On January 31, 2011, Big Cat Rescue filed a trademark infringement action against Big Cat Rescue Entertainment, G.W., and Exotic, among others, alleging infringement of both their registered design mark and their unregistered word mark “Big Cat Rescue.” Under the Lanham Act, federal trademark law protects both registered and unregistered marks, albeit in slightly different ways. Accordingly, even though Big Cat Rescue hadn’t registered the word mark, it could still sue for infringement based on its use of the mark.
Essentially, trademark law provides that it is infringing to use a distinctive mark in a way that will confuse consumers about the source of a product or service and thereby harm the commercial interests of the owner of the mark. In other words, the Big Cat Rescue Entertainment mark would be infringing if it made consumers think it was advertising Big Cat Rescue.
In my opinion, Big Cat Rescue’s claim for infringement of its registered design mark was weak, at best. The only registered mark was Big Cat Rescue’s logo, and the respective logos are not at all similar. They use very different images, and don’t even use the same font.
Big Cat Rescue’s claim for infringement of its unregistered word mark was much stronger, but only if the word mark was protected in the first place. A trademark can be protected only if it is distinctive, and “BIG CAT RESCUE” has a borderline case for protection, at best. A descriptive mark is protectable only if it actually communicates information to consumers about the source of a product or service, and a generic mark is not protected at all. In other words, “BIG CAT RESCUE” isn’t protectable unless it tells consumers not only what Big Cat Rescue does, but also who they are. And it isn’t protectable at all if it is merely a generic term for an animal sanctuary focused on big cats.
The “BIG CAT RESCUE” word mark is weak. After all, Big Cat Rescue explicitly disclaimed it when registering its design mark, presumably because it realized that registration was unlikely. Indeed, when Big Cat Rescue filed a trademark registration application for the word mark “BIG CAT RESCUE” in 2013, the trademark examiner initially rejected it as “merely descriptive,” observing “both the individual components and the composite result are descriptive of applicant’s goods and/or services and do not create a unique, incongruous, or non-descriptive meaning in relation to the goods and/or services.” While the Trademark Office eventually granted the application in 2014, after Big Cat Rescue submitted voluminous additional evidence in support, I am not convinced it made the right decision, at least in part because the mark is arguably not even descriptive, but merely generic.
After all, why did Big Cat Rescue choose that mark? Obviously, as the examiner observed, because it is the broadest possible way of describing the work of an animal sanctuary devoted to rescuing big cats. Of course, businesses find such expansive marks quite attractive. Not only are they effective at communicating information to consumers, but also they enable the suppression of competition. After all, there is nothing better than a mark that prevents your competitor from using the most effective description of the good or service they also provide.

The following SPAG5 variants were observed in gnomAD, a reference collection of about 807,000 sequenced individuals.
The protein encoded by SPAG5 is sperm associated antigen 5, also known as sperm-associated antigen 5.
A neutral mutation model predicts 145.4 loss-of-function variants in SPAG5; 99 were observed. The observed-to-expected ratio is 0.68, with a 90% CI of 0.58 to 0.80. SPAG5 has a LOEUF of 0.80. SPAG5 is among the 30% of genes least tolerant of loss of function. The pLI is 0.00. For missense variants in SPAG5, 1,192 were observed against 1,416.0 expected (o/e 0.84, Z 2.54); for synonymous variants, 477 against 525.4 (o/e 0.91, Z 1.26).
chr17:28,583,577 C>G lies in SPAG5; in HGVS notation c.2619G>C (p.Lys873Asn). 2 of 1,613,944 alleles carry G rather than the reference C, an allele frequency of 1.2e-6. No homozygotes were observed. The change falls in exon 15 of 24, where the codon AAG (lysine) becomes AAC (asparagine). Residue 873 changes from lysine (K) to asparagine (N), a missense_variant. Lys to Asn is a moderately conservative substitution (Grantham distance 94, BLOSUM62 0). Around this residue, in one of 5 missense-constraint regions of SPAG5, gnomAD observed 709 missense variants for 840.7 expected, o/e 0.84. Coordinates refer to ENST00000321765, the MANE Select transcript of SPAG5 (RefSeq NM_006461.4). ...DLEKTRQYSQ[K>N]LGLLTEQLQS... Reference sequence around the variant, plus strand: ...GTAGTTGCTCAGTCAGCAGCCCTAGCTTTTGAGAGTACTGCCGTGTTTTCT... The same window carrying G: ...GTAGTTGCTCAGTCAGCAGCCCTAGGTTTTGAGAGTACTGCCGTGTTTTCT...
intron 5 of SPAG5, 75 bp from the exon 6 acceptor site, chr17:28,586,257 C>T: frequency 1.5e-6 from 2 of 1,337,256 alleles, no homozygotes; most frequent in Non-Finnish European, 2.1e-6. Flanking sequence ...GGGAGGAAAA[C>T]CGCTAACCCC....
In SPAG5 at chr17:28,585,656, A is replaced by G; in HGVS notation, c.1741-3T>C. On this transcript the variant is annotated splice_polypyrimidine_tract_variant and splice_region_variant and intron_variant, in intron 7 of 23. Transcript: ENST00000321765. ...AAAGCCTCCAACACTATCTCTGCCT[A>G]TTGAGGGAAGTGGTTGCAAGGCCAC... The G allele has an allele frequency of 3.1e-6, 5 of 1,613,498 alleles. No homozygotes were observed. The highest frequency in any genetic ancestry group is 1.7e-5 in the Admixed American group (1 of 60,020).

But the purpose of trademark law is to encourage fair competition, not to prevent it. That is why we prohibit the registration and enforcement of generic marks. If competitors need to be able to use a term in order to fairly compete, that term can’t and shouldn’t be protectable as a trademark.
Sure, Exotic intentionally used the “BIG CAT RESCUE” mark in order to both troll Baskin and confuse consumers. But maybe that’s irrelevant, if “BIG CAT RESCUE” shouldn’t be a protectable mark in the first place. What if another animal sanctuary focused on big cats wanted to use the term “big cat rescue” to describe its purpose, for legitimate and non-confusing reasons? Should Big Cat Rescue be able to stop them, merely because it has dominated the market sector? Or should it have chosen a more distinctive mark in the first place, if it wanted to be able to claim exclusivity?
In any case, Big Cat Rescue also filed two copyright infringement actions, alleging that Exotic had used Baskin’s copyrighted photos and videos, without her permission. While those claims were superficially plausible, they were actually quite weak, for both formal and substantive reasons. For one thing, Baskin wasn’t actually the author of the photos and videos, but rather purchased the copyright from the original authors. Not a problem! Copyrights can be sold. But you can’t sue for copyright infringement until a work is registered with the Copyright Office, and Baskin purchased and registered the copyrights after they were infringed. Still not a problem! But she also claimed statutory damages for infringement, rather than actual economic damages, and statutory damages are only available when a work is registered when it is infringed. That is a problem, because statutory damages can be cripplingly large – up to $150,000 per infringement! – precisely because economic damages are so hard to prove. Without statutory damages, Baskin ran the risk of winning the infringement action and getting nothing in exchange for her troubles.